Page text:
by josh perry, editor
researchers from the university of manchester (u.k.) have discovered that there are naturally-occurring gaps between the layers of 2-d materials can be used as subatomic sieves to separate atoms and demonstrated this process by pushing hydrogen isotopes through the spaces between heaxagonal boron nitride or molybdenum disulphide.
subatomic sieves were found between layers of 2-d materials.
(university of manchester)
this process was also demonstrated at room temperature, according to a report from the university.
“isotope separation is typically a highly energy intensive operation which is used in nuclear, medical and research sectors,” the report explained. “hydrogen and deuterium – isotopes of hydrogen – have the same size if considered as classical particles but are rather different in size as waves if their quantum nature is taken into account.”
it continued, “this sieving mechanism, known as quantum sieving, exploits an attribute known as the ‘particle-wave duality of matter’ – a well-known physics phenomenon. however, extremely low temperatures are typically required to observe it.”
the research was recently published in nature nanotechnology. the abstract read:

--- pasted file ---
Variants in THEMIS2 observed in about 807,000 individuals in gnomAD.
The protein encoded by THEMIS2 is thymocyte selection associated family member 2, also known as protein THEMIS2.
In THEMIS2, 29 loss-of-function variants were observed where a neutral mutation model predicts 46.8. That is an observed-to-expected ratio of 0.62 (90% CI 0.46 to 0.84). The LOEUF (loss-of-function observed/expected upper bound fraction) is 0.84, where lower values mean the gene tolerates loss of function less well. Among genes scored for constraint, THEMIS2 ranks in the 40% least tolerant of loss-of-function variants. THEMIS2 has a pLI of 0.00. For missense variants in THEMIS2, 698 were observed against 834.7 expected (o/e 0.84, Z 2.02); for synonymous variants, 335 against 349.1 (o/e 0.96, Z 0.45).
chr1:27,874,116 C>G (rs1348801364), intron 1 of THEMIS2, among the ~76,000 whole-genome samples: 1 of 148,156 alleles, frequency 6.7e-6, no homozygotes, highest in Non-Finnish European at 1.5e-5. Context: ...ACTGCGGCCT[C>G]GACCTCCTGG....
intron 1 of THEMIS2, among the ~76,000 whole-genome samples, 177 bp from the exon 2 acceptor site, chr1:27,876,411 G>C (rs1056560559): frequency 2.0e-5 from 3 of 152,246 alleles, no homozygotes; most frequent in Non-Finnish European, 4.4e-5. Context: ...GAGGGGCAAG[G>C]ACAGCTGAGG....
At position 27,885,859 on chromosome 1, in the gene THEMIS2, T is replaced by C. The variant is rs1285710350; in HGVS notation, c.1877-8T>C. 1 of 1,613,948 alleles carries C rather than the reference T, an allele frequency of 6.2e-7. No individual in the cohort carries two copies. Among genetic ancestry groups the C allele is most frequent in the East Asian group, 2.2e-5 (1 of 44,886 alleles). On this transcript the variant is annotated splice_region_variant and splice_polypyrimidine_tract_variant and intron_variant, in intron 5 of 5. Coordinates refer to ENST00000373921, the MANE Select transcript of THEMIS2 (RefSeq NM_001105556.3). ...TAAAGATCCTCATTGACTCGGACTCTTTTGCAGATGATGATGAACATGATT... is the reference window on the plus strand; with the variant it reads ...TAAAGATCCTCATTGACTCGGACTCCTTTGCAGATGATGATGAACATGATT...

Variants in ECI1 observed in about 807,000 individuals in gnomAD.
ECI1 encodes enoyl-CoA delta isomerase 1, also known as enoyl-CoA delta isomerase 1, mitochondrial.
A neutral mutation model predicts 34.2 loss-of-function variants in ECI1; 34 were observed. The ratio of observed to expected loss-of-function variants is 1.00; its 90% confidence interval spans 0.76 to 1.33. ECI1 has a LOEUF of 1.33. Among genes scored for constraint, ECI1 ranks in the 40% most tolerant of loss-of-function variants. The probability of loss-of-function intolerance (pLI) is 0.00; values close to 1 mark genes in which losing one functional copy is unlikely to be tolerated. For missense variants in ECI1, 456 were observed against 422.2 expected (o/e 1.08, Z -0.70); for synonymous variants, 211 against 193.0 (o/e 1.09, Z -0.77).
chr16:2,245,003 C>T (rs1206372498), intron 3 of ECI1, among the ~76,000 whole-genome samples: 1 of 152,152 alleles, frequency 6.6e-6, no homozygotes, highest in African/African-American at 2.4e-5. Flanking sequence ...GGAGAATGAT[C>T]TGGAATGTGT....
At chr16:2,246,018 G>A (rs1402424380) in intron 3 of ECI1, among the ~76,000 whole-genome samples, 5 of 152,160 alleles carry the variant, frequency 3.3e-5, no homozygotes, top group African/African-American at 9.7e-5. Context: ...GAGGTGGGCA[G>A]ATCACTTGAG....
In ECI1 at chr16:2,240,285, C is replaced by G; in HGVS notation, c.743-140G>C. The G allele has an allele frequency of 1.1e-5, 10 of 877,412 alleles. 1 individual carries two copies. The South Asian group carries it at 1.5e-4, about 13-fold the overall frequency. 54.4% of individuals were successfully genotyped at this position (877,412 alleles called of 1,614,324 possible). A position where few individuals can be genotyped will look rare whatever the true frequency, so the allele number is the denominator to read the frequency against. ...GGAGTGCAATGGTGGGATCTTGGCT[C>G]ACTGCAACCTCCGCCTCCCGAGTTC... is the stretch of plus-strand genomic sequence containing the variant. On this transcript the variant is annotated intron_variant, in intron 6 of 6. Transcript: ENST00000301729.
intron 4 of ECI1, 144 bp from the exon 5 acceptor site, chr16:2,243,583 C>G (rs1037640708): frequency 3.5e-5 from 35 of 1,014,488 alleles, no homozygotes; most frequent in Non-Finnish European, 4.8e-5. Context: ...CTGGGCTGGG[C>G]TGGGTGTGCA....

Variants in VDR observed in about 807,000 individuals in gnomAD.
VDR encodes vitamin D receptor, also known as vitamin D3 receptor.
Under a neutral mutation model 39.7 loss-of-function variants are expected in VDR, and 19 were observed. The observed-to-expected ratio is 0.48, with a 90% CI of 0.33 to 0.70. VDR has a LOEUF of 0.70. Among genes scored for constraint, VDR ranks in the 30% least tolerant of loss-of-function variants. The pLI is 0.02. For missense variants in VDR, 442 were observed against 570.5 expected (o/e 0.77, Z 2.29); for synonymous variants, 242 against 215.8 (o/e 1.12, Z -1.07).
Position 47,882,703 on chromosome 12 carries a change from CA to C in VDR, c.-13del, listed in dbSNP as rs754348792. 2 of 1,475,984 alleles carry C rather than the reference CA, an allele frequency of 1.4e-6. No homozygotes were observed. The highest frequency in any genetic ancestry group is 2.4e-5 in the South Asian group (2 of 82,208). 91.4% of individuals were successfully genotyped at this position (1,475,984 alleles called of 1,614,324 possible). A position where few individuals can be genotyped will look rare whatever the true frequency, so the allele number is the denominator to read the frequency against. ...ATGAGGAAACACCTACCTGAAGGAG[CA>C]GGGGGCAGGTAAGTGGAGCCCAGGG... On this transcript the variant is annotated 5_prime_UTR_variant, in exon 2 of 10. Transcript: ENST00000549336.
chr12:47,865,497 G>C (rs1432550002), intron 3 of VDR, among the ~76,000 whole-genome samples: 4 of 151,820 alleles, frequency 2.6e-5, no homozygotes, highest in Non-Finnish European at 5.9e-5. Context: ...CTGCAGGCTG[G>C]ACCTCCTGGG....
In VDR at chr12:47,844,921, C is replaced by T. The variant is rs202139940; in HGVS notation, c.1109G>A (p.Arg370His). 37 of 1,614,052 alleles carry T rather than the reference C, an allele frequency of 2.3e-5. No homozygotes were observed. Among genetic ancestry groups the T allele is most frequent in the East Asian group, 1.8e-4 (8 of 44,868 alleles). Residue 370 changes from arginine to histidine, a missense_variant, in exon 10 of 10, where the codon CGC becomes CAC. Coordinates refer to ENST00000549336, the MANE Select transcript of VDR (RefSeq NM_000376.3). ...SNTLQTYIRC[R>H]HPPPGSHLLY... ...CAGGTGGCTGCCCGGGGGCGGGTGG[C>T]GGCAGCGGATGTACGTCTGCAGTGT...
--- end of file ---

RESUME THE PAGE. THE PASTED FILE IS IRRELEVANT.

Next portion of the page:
“atoms start behaving as waves rather than classical particles if confined in spaces commensurate with their de broglie wavelength. at room temperature this length is only about one ångström even for the lightest atom, hydrogen. this restricts quantum-confinement phenomena for atomic species to the realm of very low temperatures.
“here, we show that van der waals gaps between atomic planes of layered crystals provide ångström-size channels that make quantum confinement of protons apparent even at room temperature. our transport measurements show that thermal protons experience a notably higher barrier than deuterons when entering van der waals gaps in hexagonal boron nitride and molybdenum disulfide.
“this is attributed to the difference in the de broglie wavelengths of the isotopes. once inside the crystals, transport of both isotopes can be described by classical diffusion, albeit with unexpectedly fast rates comparable to that of protons in water.
“the demonstrated ångström-size channels can be exploited for further studies of atomistic quantum confinement and, if the technology can be scaled up, for sieving hydrogen isotopes.”